AD: The fighting in Smeerensberg has a real Hatfields & McCoys feel to it. What was the inspiration for them?
SP: I did research the mechanics of feuds as I was crafting the story, and the Hatfields and McCoys kept popping up, but there are many others in History and literature. For a while, I was convinced that there had to be a backstory to their rivalry, and there were a few attempts to include this in early drafts. But eventually, I came to realize that highlighting the absurdity of their motivations served our story best. “We fight because we have always fought” was actually a much more accurate caricature of reality, and we can see plenty of examples of that reasoning everywhere, from politics to sports fanatics.
AD: You’ve said that you wanted the characters to be able to communicate through body language, and I love how Jesper moves. Why is that so important to you?
SP: I started my career as an animator, and for many years I studied performance and non-verbal communication in order to try and make the acting in my characters more believable. Eventually, I came to understand that it is what’s not said that often matters the most. “Show, don’t tell”, as it’s often said. So I endeavored to remove any information for the dialogue that could be conveyed through non-verbal acting. This was an added complication for our animators, who often had the extra burden of communicating essential plot points through subtext in their acting choices. I strongly believe that the audience is more engaged in this kind of story-telling, because you’re asking them to connect the dots and figure out the actual message.
AD: What do you miss about hand drawn animated films? Do you think there will ever see a renaissance of that style?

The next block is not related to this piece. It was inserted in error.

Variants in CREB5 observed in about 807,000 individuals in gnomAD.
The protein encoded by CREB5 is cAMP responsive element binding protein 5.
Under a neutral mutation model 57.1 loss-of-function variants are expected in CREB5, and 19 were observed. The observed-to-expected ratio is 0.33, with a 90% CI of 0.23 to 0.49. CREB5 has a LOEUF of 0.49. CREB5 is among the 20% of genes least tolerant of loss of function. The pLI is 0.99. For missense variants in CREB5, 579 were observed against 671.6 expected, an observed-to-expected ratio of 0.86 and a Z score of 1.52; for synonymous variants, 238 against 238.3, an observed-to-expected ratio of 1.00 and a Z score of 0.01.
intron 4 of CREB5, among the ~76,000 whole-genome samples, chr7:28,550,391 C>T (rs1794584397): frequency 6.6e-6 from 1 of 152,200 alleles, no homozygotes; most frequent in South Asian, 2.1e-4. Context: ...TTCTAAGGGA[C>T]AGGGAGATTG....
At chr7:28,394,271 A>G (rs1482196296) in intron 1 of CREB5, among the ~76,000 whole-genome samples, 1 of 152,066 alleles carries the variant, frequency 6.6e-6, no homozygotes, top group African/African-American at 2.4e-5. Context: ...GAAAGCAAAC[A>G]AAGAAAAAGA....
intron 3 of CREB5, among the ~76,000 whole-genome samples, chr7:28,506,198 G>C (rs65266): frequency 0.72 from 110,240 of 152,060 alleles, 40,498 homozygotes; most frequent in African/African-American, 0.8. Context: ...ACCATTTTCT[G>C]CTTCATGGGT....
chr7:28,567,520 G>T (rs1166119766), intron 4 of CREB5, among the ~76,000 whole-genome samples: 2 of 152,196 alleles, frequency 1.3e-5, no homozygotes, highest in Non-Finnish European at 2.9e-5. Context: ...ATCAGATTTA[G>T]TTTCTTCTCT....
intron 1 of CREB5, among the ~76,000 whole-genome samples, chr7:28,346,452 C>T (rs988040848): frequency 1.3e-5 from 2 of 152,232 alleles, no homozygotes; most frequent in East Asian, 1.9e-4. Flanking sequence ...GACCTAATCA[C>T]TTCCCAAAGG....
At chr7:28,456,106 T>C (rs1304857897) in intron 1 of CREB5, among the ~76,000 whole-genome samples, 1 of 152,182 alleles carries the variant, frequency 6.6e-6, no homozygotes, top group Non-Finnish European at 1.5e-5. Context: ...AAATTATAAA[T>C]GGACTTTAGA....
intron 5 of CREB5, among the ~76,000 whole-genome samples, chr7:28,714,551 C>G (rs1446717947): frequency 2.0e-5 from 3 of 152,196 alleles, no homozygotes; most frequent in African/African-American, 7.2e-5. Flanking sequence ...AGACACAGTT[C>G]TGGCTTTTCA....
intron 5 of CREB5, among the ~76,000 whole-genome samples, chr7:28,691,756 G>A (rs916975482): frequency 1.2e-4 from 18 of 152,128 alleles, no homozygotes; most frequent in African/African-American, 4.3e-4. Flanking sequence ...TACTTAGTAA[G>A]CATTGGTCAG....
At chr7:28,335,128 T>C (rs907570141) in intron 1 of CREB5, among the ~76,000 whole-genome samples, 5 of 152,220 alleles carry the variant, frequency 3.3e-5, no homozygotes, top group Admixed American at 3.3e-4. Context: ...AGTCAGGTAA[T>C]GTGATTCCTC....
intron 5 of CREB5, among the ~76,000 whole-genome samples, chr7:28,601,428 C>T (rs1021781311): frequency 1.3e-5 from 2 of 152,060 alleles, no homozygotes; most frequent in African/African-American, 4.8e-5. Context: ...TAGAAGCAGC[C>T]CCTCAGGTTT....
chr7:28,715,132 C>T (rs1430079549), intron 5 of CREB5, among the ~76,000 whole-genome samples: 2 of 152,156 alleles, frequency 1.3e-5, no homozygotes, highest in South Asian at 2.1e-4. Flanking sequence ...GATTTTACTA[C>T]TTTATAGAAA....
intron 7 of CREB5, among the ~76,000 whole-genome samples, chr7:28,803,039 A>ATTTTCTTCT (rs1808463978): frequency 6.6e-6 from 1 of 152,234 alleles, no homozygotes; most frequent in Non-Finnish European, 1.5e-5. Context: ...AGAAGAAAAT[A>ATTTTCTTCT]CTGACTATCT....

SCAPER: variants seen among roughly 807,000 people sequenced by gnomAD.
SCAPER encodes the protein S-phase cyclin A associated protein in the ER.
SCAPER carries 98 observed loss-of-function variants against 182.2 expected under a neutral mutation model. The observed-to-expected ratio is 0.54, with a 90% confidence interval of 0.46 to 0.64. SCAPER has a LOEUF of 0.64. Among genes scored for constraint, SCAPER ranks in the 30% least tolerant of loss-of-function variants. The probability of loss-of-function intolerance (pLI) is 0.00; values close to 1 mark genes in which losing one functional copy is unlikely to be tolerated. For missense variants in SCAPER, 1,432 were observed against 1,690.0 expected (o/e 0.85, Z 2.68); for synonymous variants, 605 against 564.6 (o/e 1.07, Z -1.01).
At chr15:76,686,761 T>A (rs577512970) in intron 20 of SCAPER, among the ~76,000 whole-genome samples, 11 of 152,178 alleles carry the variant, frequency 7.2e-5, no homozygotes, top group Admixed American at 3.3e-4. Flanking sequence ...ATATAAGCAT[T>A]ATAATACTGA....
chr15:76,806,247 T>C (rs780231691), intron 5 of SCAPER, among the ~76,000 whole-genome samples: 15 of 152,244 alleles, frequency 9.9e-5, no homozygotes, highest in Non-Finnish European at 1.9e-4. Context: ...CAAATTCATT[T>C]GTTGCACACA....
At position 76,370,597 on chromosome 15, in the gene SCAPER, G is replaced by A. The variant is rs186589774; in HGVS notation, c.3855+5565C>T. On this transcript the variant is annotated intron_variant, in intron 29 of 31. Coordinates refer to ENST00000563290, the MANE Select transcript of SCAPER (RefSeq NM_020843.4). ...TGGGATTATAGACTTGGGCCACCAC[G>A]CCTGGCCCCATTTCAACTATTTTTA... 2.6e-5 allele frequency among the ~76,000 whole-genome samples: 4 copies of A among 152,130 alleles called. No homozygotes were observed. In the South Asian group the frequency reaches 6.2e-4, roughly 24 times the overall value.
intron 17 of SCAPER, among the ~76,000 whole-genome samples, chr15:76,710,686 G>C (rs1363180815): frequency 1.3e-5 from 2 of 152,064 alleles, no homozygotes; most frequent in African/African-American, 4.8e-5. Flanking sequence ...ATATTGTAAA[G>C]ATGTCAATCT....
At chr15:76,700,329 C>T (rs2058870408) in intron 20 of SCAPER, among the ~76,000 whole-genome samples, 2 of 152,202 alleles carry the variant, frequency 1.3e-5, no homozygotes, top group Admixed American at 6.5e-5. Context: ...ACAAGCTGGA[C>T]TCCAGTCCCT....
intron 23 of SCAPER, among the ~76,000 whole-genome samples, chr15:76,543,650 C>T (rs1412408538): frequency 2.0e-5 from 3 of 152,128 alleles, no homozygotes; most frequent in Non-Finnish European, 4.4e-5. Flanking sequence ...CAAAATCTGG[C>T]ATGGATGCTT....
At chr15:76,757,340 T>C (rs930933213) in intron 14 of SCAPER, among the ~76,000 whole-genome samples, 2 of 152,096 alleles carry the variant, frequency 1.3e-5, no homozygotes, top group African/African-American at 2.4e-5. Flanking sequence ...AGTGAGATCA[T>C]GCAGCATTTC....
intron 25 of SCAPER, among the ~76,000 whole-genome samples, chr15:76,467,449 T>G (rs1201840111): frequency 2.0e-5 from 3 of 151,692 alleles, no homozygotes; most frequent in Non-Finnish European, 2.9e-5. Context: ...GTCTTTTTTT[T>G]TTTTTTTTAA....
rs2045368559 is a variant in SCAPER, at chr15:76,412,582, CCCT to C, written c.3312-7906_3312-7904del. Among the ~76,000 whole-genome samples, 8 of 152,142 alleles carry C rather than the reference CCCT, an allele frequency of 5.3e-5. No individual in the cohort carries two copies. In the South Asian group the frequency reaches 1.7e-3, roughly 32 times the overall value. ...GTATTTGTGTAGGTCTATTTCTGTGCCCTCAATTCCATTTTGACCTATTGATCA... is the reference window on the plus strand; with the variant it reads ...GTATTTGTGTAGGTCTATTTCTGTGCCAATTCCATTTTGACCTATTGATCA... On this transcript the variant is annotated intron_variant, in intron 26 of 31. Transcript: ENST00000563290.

SP: I have nothing against CGI. In fact, some of my favorite films were done that way. But there’s a certain type of artistic mindset that some people have, myself included. Those are artists who need a direct connection to their art. Draftsmen. Painters. Designers. And these people play an important part in CG films too, of course. But then, their work goes through a transformation. It gets put through the 3D pipeline and all those little things that made their work unique gets washed away somehow. Traditional animation allows for the work of those artists to be put directly on the screen. All those unique choices, personal judgement calls and (most definitely) the mistakes are right there for you to see, and that has an undeniable charm. I think we’re already seeing that renaissance. More companies are producing 2D film and shows, more students are choosing to specialize in hand-drawn techniques. I hope that Klaus helps to showcase the potential of this artform and others will jump on board as well.
AD: You once said that the best advice for young students trying to get into 2D animation is to not be afraid. With Klaus being your directorial debut, what advice did you have to give yourself?
The very same one. Fear is a big part of it. After many years of trying to get a film made, I finally found myself at the helm of my film, supported by an incredible studio that trusted my choices, and surrounded by the most talented team of artists I’ve ever worked with. It was all there. But, what if I was not up to the challenge? What if, after all that work, I’m the weak link in that chain? Fear is always going to be there, but you can’t let it stop you from giving it your best.
Klaus is streaming now on Netlix..